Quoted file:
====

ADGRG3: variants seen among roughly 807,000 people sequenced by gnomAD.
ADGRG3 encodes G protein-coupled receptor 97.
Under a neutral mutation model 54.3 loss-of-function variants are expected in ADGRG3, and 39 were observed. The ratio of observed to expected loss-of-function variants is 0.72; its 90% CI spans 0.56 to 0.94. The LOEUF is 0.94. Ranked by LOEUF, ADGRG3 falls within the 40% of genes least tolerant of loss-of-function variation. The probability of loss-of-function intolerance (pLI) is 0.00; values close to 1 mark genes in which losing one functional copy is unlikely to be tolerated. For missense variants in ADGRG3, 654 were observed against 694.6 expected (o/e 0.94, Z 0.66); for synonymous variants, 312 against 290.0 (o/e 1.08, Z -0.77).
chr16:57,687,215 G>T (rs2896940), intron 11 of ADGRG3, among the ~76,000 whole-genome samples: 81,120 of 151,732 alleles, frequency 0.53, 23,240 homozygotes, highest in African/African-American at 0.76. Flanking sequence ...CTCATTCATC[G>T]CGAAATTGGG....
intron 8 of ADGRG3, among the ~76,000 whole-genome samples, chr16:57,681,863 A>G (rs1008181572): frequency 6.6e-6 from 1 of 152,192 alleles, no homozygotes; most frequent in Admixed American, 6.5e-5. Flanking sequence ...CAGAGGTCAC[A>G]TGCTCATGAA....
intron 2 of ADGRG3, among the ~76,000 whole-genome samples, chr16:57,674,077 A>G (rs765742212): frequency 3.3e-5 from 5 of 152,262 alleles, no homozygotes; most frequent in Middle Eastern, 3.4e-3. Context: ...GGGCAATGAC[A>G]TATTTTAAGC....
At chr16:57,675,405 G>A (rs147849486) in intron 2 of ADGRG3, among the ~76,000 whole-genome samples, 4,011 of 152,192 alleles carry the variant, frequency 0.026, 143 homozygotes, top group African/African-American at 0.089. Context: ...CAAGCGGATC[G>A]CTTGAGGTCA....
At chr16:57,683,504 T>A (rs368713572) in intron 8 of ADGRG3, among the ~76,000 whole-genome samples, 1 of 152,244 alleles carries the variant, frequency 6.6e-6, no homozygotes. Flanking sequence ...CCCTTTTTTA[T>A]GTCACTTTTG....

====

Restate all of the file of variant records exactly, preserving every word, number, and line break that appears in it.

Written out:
ADGRG3: variants seen among roughly 807,000 people sequenced by gnomAD.
ADGRG3 encodes G protein-coupled receptor 97.
Under a neutral mutation model 54.3 loss-of-function variants are expected in ADGRG3, and 39 were observed. The ratio of observed to expected loss-of-function variants is 0.72; its 90% CI spans 0.56 to 0.94. The LOEUF is 0.94. Ranked by LOEUF, ADGRG3 falls within the 40% of genes least tolerant of loss-of-function variation. The probability of loss-of-function intolerance (pLI) is 0.00; values close to 1 mark genes in which losing one functional copy is unlikely to be tolerated. For missense variants in ADGRG3, 654 were observed against 694.6 expected (o/e 0.94, Z 0.66); for synonymous variants, 312 against 290.0 (o/e 1.08, Z -0.77).
chr16:57,687,215 G>T (rs2896940), intron 11 of ADGRG3, among the ~76,000 whole-genome samples: 81,120 of 151,732 alleles, frequency 0.53, 23,240 homozygotes, highest in African/African-American at 0.76. Flanking sequence ...CTCATTCATC[G>T]CGAAATTGGG....
intron 8 of ADGRG3, among the ~76,000 whole-genome samples, chr16:57,681,863 A>G (rs1008181572): frequency 6.6e-6 from 1 of 152,192 alleles, no homozygotes; most frequent in Admixed American, 6.5e-5. Flanking sequence ...CAGAGGTCAC[A>G]TGCTCATGAA....
intron 2 of ADGRG3, among the ~76,000 whole-genome samples, chr16:57,674,077 A>G (rs765742212): frequency 3.3e-5 from 5 of 152,262 alleles, no homozygotes; most frequent in Middle Eastern, 3.4e-3. Context: ...GGGCAATGAC[A>G]TATTTTAAGC....
At chr16:57,675,405 G>A (rs147849486) in intron 2 of ADGRG3, among the ~76,000 whole-genome samples, 4,011 of 152,192 alleles carry the variant, frequency 0.026, 143 homozygotes, top group African/African-American at 0.089. Context: ...CAAGCGGATC[G>A]CTTGAGGTCA....
At chr16:57,683,504 T>A (rs368713572) in intron 8 of ADGRG3, among the ~76,000 whole-genome samples, 1 of 152,244 alleles carries the variant, frequency 6.6e-6, no homozygotes. Flanking sequence ...CCCTTTTTTA[T>A]GTCACTTTTG....